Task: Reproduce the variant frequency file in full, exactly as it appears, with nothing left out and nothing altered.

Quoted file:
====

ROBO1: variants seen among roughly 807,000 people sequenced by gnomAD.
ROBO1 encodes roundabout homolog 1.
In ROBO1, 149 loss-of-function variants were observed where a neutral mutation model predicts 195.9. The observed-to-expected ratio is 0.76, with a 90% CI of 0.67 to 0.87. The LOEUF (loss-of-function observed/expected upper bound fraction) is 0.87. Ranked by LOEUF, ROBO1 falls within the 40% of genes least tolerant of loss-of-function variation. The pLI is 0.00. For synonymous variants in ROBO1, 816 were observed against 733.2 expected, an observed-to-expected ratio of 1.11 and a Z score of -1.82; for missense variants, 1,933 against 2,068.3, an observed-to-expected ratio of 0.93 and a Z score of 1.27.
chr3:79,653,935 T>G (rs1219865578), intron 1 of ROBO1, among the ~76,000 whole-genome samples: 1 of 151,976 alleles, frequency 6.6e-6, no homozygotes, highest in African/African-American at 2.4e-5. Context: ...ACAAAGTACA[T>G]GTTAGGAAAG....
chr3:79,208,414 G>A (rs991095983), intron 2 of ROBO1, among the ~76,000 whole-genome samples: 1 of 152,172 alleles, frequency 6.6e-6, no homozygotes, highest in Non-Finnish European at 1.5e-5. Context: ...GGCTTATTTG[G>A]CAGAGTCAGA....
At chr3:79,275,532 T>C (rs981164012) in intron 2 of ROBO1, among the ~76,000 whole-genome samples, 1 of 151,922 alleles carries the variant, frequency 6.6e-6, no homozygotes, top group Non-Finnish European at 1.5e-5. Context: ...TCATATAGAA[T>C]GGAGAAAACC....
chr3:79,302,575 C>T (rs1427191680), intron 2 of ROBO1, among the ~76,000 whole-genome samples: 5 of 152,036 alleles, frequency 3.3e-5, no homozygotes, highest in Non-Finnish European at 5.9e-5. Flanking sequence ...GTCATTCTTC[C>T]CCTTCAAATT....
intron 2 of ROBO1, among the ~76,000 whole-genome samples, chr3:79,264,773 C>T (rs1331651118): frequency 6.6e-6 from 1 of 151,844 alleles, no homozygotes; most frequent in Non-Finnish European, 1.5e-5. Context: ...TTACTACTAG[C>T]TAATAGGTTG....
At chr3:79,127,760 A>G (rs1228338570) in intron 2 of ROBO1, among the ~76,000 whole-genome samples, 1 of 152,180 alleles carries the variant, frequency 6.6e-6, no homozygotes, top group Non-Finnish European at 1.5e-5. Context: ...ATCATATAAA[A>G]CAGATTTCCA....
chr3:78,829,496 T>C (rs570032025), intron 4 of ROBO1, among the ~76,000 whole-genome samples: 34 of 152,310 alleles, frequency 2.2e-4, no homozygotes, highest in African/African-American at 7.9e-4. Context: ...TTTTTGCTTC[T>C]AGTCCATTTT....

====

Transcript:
ROBO1: variants seen among roughly 807,000 people sequenced by gnomAD.
ROBO1 encodes roundabout homolog 1.
In ROBO1, 149 loss-of-function variants were observed where a neutral mutation model predicts 195.9. The observed-to-expected ratio is 0.76, with a 90% CI of 0.67 to 0.87. The LOEUF (loss-of-function observed/expected upper bound fraction) is 0.87. Ranked by LOEUF, ROBO1 falls within the 40% of genes least tolerant of loss-of-function variation. The pLI is 0.00. For synonymous variants in ROBO1, 816 were observed against 733.2 expected, an observed-to-expected ratio of 1.11 and a Z score of -1.82; for missense variants, 1,933 against 2,068.3, an observed-to-expected ratio of 0.93 and a Z score of 1.27.
chr3:79,653,935 T>G (rs1219865578), intron 1 of ROBO1, among the ~76,000 whole-genome samples: 1 of 151,976 alleles, frequency 6.6e-6, no homozygotes, highest in African/African-American at 2.4e-5. Context: ...ACAAAGTACA[T>G]GTTAGGAAAG....
chr3:79,208,414 G>A (rs991095983), intron 2 of ROBO1, among the ~76,000 whole-genome samples: 1 of 152,172 alleles, frequency 6.6e-6, no homozygotes, highest in Non-Finnish European at 1.5e-5. Context: ...GGCTTATTTG[G>A]CAGAGTCAGA....
At chr3:79,275,532 T>C (rs981164012) in intron 2 of ROBO1, among the ~76,000 whole-genome samples, 1 of 151,922 alleles carries the variant, frequency 6.6e-6, no homozygotes, top group Non-Finnish European at 1.5e-5. Context: ...TCATATAGAA[T>C]GGAGAAAACC....
chr3:79,302,575 C>T (rs1427191680), intron 2 of ROBO1, among the ~76,000 whole-genome samples: 5 of 152,036 alleles, frequency 3.3e-5, no homozygotes, highest in Non-Finnish European at 5.9e-5. Flanking sequence ...GTCATTCTTC[C>T]CCTTCAAATT....
intron 2 of ROBO1, among the ~76,000 whole-genome samples, chr3:79,264,773 C>T (rs1331651118): frequency 6.6e-6 from 1 of 151,844 alleles, no homozygotes; most frequent in Non-Finnish European, 1.5e-5. Context: ...TTACTACTAG[C>T]TAATAGGTTG....
At chr3:79,127,760 A>G (rs1228338570) in intron 2 of ROBO1, among the ~76,000 whole-genome samples, 1 of 152,180 alleles carries the variant, frequency 6.6e-6, no homozygotes, top group Non-Finnish European at 1.5e-5. Context: ...ATCATATAAA[A>G]CAGATTTCCA....
chr3:78,829,496 T>C (rs570032025), intron 4 of ROBO1, among the ~76,000 whole-genome samples: 34 of 152,310 alleles, frequency 2.2e-4, no homozygotes, highest in African/African-American at 7.9e-4. Context: ...TTTTTGCTTC[T>C]AGTCCATTTT....